The Poison Peach film festival returns to The Imperial Theatre January 3-5 for its sixth run.
The festival was created seven years ago to showcase area talent and to let the community know about Augusta’s diverse network of filmmakers. Since its inauguration, Poison Peach has evolved and grown.
This year the festival will include a wide variety of new films by local filmmakers, as well as submissions from as far away as China, said Augusta filmmaker and the festival’s organizer, Christopher Forbes.
“The first two days are going to be film screenings from 7 p.m. to whenever,” Forbes said. “We have, as we always do each year, the best of Davidson Fine Art students, their award-winning films. We also have a selection of GRU [Georgia Regents University] films this year which we’ve never had before.”
Forbes went on to explain the types of films the audience can expect to see on Friday night: “As far as the Augusta submissions are concerned, it’s a very widespread source,” he explained. “We have student films, we have professional-level independent shorts and we have just a lot of things that people have done around town that are worthwhile. A lot of things are going on. A lot of things are happening.”
There will be only one feature film presented this year, “Confederate Calvary,” and it will be screened on Saturday night. As implied by the name, it is a Civil War drama, written and directed by Forbes. The film also features many actors and re-enactors from Georgia and South Carolina, including Jerry Chesser, Tripp Courtney, John Hudson, Charles Kizer, Will Adams, Stan Fink, Jezibell Anat, Kimberly Campbell, Dave Long and Brad Owens.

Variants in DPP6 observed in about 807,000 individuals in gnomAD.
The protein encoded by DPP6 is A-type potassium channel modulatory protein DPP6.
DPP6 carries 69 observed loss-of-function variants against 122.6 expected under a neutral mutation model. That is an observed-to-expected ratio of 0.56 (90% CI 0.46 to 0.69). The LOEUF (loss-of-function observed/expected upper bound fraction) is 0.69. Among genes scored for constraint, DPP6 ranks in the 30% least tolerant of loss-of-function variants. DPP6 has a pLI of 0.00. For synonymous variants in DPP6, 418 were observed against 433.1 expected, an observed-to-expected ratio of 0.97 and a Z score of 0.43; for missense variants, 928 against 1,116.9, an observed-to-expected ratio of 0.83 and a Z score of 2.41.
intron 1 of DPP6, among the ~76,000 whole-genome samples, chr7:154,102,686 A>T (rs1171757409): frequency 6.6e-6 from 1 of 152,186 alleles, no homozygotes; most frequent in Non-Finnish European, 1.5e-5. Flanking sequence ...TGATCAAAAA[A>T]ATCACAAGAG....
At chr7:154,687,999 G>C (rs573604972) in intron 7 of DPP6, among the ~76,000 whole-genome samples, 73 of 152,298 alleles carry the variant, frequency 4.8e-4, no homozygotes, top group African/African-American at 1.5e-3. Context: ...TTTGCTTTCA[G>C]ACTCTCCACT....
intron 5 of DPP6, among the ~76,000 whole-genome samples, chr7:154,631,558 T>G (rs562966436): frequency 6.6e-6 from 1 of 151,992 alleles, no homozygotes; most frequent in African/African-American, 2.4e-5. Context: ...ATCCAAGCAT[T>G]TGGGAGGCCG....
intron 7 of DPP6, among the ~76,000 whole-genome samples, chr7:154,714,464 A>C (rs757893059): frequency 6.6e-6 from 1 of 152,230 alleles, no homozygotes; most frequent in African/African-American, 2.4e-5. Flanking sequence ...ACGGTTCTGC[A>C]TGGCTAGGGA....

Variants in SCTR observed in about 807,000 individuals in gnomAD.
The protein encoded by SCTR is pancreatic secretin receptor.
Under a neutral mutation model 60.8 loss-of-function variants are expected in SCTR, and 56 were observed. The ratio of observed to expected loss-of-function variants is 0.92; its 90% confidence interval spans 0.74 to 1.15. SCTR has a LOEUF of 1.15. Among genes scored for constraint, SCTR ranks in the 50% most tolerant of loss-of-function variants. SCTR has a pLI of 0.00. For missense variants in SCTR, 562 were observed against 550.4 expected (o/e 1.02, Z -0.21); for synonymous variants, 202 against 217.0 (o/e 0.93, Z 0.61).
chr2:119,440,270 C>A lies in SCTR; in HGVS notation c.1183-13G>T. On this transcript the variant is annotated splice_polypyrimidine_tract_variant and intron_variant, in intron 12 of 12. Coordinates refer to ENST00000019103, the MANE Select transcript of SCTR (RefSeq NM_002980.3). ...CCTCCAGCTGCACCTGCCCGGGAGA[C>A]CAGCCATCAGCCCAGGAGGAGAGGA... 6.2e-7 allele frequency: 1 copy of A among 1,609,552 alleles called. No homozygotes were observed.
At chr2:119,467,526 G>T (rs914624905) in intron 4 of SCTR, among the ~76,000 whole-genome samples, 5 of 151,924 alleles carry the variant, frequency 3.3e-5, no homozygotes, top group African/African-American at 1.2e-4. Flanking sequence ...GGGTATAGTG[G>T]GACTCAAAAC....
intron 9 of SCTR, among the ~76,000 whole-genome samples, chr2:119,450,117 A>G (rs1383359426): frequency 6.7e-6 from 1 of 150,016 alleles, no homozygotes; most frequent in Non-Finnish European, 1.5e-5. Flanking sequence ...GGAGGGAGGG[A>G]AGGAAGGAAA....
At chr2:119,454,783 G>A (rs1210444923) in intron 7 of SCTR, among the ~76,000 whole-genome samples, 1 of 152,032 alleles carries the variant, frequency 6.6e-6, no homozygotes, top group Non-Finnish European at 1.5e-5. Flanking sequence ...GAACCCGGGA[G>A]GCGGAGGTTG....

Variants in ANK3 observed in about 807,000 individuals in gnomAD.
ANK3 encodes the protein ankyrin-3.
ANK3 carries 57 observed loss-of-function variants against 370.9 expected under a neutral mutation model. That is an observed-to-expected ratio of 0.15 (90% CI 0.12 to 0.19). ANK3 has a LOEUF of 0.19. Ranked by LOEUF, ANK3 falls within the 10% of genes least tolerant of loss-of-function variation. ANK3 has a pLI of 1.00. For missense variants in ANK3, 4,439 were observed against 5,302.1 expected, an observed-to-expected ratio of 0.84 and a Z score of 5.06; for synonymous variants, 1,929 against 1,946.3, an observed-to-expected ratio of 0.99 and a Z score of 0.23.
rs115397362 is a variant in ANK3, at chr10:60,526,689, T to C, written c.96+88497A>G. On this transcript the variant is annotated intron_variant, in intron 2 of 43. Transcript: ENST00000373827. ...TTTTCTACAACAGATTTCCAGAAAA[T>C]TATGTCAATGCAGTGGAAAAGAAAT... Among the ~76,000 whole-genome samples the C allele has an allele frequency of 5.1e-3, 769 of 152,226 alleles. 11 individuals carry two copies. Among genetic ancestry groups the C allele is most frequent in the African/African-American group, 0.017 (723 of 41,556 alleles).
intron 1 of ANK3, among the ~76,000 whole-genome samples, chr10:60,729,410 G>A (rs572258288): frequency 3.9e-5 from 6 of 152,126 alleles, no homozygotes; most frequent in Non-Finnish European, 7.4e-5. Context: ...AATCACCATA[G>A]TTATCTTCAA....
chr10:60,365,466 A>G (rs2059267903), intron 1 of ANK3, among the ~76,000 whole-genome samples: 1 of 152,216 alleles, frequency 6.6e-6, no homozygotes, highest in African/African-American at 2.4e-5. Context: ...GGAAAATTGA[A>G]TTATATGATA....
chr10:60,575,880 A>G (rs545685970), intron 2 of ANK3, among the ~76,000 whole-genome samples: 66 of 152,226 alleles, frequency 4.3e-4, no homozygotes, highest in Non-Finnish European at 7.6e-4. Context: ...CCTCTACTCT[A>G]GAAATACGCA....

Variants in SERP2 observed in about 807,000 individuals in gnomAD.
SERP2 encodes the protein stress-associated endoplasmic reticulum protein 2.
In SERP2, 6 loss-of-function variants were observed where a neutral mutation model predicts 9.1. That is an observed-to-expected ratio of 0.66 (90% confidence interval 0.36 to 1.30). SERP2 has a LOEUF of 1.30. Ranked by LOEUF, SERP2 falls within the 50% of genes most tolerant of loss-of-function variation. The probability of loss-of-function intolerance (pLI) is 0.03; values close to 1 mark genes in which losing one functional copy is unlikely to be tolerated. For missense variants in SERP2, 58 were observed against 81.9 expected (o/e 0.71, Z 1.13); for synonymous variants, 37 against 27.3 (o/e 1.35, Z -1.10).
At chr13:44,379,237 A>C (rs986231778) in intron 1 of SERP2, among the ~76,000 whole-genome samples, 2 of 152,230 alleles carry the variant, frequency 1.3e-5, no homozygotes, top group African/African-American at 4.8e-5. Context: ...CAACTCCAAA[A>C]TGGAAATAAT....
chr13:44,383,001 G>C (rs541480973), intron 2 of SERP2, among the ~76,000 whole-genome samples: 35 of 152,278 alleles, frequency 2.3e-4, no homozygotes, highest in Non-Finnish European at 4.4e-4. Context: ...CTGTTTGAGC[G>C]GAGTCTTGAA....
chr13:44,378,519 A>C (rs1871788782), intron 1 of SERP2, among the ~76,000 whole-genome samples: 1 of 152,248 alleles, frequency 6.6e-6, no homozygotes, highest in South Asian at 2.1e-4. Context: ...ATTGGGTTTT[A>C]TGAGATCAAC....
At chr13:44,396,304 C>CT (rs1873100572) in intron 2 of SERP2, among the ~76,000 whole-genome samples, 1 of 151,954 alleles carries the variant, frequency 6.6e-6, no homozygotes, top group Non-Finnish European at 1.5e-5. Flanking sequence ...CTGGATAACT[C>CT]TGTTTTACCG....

In addition to being one of the co-stars in “Confederate Calvary,” Jezibell Anat will have another special role in this year’s Poison Peach. On the third night of the festival, Anat will be filming a few scenes from her stage play turned feature film, “Cabaret Diabolique.” Augusta audiences may remember the Misfit Theatre’s production of the work that Anat co-wrote with her husband, Joseph Zuchowski, from earlier this year. Originally performed on a much smaller stage at Sector 7G, the play has been adapted to the big screen As with a lot of screen adaptations, “Cabaret Diabolique” has had a few modifications made to it. When first written and performed, the story took place in Las Vegas. The setting has been moved to Atlantic City and the play now features all original music written by Anat and Forbes, Anat said. Changes have also been made to some of the dance numbers.
“We only had two dancers in the original show because Sector [7G] is so small,” Anat said. “We now have several teams of dancers, including my dancers from Eastern Star.Some of the choreography is more rock-pop based. There’s one piece that is kind of [Bob] Fosse-esque, because it is now set in Atlantic City. Atlantic City has a lot of New York dancers, so I wanted to have kind of a nod to the Fosse tradition.”
Anyone who wants be a part of the audience for the production event for “Cabaret Diabolique,” is encouraged to do so. It is a free event, but participants will have to sign a release form.
Poison Peach Film Festival
The Imperial Theatre
Single day admission: $12/ $20, both Friday and Saturday; Sunday night’s production event is free.